Housing Markets Becoming Less Saturated with REOs: Reports
Original Post Date: August 4, 2010
By: Carrie Bay
The nation’s REO stock fell 0.6 percent in May to 524,000 properties, according to analysis released by Barclays Capital.
In addition, the research firm estimates that housing’s shadow inventory – which Barclays defines as the supply of homes that are 90 or more days delinquent or in the process of foreclosure, meaning they are nearing REO status – declined by 2.3 percent to 4.02 million properties.
A separate study released by Clear Capital supports the assumption that indeed, there are fewer REOs influencing the market. The real estate valuation firm reports that REO saturation – the percentage of bank-owned homes sold as compared to all properties sold – is steadily declining.
Data from Clear Capital shows that REO saturation dropped 22.7 percent nationally during the May to July period. The company says that’s nearly 20 percentage points less than the REO saturation peak hit back in the first quarter of 2009. Fewer REOs, coupled with a boost in overall sales from the homebuyer tax credit, have given home prices a lift, according to Clear Capital’s study.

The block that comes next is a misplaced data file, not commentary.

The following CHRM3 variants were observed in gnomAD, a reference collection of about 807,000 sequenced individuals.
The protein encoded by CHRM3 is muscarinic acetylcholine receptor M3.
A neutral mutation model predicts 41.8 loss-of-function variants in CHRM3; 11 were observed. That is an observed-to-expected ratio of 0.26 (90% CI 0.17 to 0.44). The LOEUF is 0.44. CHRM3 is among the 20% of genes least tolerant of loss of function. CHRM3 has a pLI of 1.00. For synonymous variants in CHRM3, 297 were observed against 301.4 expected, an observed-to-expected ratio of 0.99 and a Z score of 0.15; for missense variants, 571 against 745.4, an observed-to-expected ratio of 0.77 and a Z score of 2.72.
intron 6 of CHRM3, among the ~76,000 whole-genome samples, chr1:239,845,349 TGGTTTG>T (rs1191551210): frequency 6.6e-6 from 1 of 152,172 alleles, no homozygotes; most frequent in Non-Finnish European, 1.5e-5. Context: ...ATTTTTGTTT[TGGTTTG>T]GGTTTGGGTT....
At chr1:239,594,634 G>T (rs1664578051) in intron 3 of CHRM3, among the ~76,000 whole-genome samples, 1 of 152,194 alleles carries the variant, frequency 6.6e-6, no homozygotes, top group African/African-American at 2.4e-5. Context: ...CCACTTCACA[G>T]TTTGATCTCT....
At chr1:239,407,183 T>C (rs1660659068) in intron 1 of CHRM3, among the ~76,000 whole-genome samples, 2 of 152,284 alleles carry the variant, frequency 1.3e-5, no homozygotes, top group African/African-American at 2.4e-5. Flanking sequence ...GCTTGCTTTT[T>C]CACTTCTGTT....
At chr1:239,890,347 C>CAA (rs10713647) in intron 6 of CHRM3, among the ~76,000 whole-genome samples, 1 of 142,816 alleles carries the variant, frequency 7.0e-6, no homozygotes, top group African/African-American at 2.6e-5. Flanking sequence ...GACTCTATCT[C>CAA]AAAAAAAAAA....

Home prices nationally gained 7.9 percent during the May to July rolling quarter, Clear Capital reports. On a year-over-year basis, prices were up 8.1 percent as of the end of July, but the analysts at Clear Capital note that the latest annual reading represents a slow-down from the 8.8 percent yearly increase recorded in June.
“While quarterly gains are showing strong momentum across the country, these recent price advancements are just the latest turn in a volatile housing market that has seen ‘W’ shaped price trends over the last two years,” said Dr. Alex Villacorta, Clear Capital’s senior statistician. Villacorta said that despite the up and down behavior of prices since the worst of the housing downturn, national prices are still up 13.6 percent from the trough, providing a cushion against potential future declines and the start of a double-dip.
Future price declines are exactly what’s being forecast. The analysts at Barclays said in their report, “With the expiration of the homebuyer tax credit, we expect the elevated pace of distressed liquidations to depress prices by 7 percent over the next three quarters.”
In an appearance on NBC’s “Meet the Press” over the weekend, former Federal Reserve Chairman Alan Greenspan added his own caveat to the mix. Greenspan warned that a decline in home prices could upset the modest economic recovery, with that double-dip spreading beyond just property values and sending the United States down another sharp recessionary slope.